Literary, Gothic romance, social criticism
Approx. 186,000 words
Strong male, stronger female
Charlotte Brontë's narrator and protagonist, like many a youthful Dickens protagonist, is the epitome of spunk. But Jane Eyre is also female, a young girl to begin with and a young woman for much of the novel. And her sex makes a big difference. Jane is slight, plain, and gentle by disposition, like any serious heroine of her time—so when she kicks back against her persecutors, as she does at least twice in the early going of Jane Eyre, it's enough to make you want to cheer. It must have been particularly surprising and refreshing for Brontë's readers in her own time.
It also wins us over to Jane as a character, and makes her boldness and independence more credible later when she finds herself in unusual situations.
If for nothing else, the novel Jane Eyre ought to be remembered for sparking this literary tradition of strong, resourceful women in this genre of—
But in which genre? I was going to say the genre of Gothic romance. But this may be taken the wrong way, along the lines of bodice-rippers, or "women's novels" or later "chick lit"—though there is some of this heightened romanticism in Jane Eyre.
Reading it for the first time, you keep thinking Jane Eyre is going in a certain direction, but then it changes. At first it seems to be a study in social realism, like Charles Dickens's or Mary Gaskell's works, exposing the hardships of a certain underclass in England at the time. But then it moves into the English tradition of the great house novel, following the inhabitants of a crumbling mansion that reflects the decline of a privileged social class. And then there's the horror story: the dark-and-stormy-night and madwoman-in-the-attic elements of the tale. And the mystical bits.
And, yes, the great romantic story in which love ultimately overcomes all. But interestingly it is love on Jane's terms.
Like her sister Emily with Wuthering Heights, Charlotte Brontë creates a powerful, darkly enigmatic and moody male at the centre of the story, but in Jane Eyre it's the male, Mr. Rochester, who is drawn to the female for her wit and intelligence and in the end it is she who saves him. Yes, perhaps this is another supposed female fantasy, that of attracting and taming the bad boy, which is certainly superior to that other stereotype of the weaker sex falling all to pieces over the macho guy who abuses her.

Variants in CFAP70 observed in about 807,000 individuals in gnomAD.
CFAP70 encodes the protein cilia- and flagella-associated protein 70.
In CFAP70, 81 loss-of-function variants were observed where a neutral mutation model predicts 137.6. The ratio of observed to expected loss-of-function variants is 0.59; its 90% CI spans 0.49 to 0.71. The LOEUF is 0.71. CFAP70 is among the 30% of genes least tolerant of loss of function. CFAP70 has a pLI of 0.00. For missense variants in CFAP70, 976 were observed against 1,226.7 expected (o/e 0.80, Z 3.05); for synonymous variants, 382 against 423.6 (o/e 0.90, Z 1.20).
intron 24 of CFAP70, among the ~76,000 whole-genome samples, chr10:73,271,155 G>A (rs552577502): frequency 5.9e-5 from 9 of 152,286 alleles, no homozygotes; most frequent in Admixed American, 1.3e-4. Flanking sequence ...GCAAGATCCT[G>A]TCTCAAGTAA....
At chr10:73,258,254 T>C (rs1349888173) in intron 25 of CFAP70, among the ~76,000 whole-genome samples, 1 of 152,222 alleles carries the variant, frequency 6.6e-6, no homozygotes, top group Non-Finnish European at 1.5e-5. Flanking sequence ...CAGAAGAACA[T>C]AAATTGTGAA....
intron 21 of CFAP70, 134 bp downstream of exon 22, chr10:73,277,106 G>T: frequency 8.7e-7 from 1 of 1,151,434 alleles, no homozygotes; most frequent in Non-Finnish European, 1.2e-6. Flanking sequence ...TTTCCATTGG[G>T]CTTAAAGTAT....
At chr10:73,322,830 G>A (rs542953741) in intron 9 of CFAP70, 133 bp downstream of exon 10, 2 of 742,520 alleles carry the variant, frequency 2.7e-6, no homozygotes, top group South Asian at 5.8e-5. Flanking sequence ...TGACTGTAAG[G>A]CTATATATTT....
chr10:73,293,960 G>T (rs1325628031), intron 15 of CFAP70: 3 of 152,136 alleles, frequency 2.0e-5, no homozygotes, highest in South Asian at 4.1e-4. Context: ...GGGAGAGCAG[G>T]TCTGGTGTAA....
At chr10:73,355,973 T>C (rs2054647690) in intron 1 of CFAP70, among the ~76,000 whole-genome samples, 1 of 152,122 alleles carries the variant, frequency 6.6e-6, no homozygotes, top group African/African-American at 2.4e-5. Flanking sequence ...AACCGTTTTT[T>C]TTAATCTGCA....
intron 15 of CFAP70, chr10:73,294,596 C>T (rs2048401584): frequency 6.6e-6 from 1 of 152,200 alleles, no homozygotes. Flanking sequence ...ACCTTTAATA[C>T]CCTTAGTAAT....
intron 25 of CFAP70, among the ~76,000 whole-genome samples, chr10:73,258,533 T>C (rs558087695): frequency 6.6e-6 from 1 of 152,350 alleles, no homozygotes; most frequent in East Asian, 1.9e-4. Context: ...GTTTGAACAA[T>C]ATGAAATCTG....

But Jane Eyre is not about falling for a bad person as much as about making choices based on hidden virtues, as opposed to more obvious advantages. (Note in similar fashion the unconventional love interest that the heroine of Brontë's other great work, Villette, eventually finds.) But it is also—perhaps predominantly—Rochester who recognizes something worthy in an unexpected source: our dowdy, modest and poor Jane. Surely this is what gives readers hope as we watch the relationship unfold and why we are devastated, along with Jane, when Rochester's fateful deceit is revealed—and why we are perversely relieved in the end when Jane makes the choice she does.
Much has been made about suppressed sexuality in the Brontë sisters' works. It is obvious that none of the authors, at the time of writing, were acquainted with sex to any great extent and their novels are full of substitute imagery that gives Freudians a field day. Dream sequences in Jane Eyre are particularly ripe for this analysis.
But why then are the novels still so popular in this more libertine age? If old-fashioned repressed feminine sexuality is all these books were about, only pubescent girls and unfulfilled older women would still be getting their jollies from them. But, while the Jane Eyre readership may skew toward women, it is quite wide. Even a middle-aged and moderately experienced male may still find Charlotte Brontë's novel a compelling read.
Jane Eyre appeals not just for empathy or identification with its central female character, but for appreciation. And agreement. Beneath the social covers, it's that strong.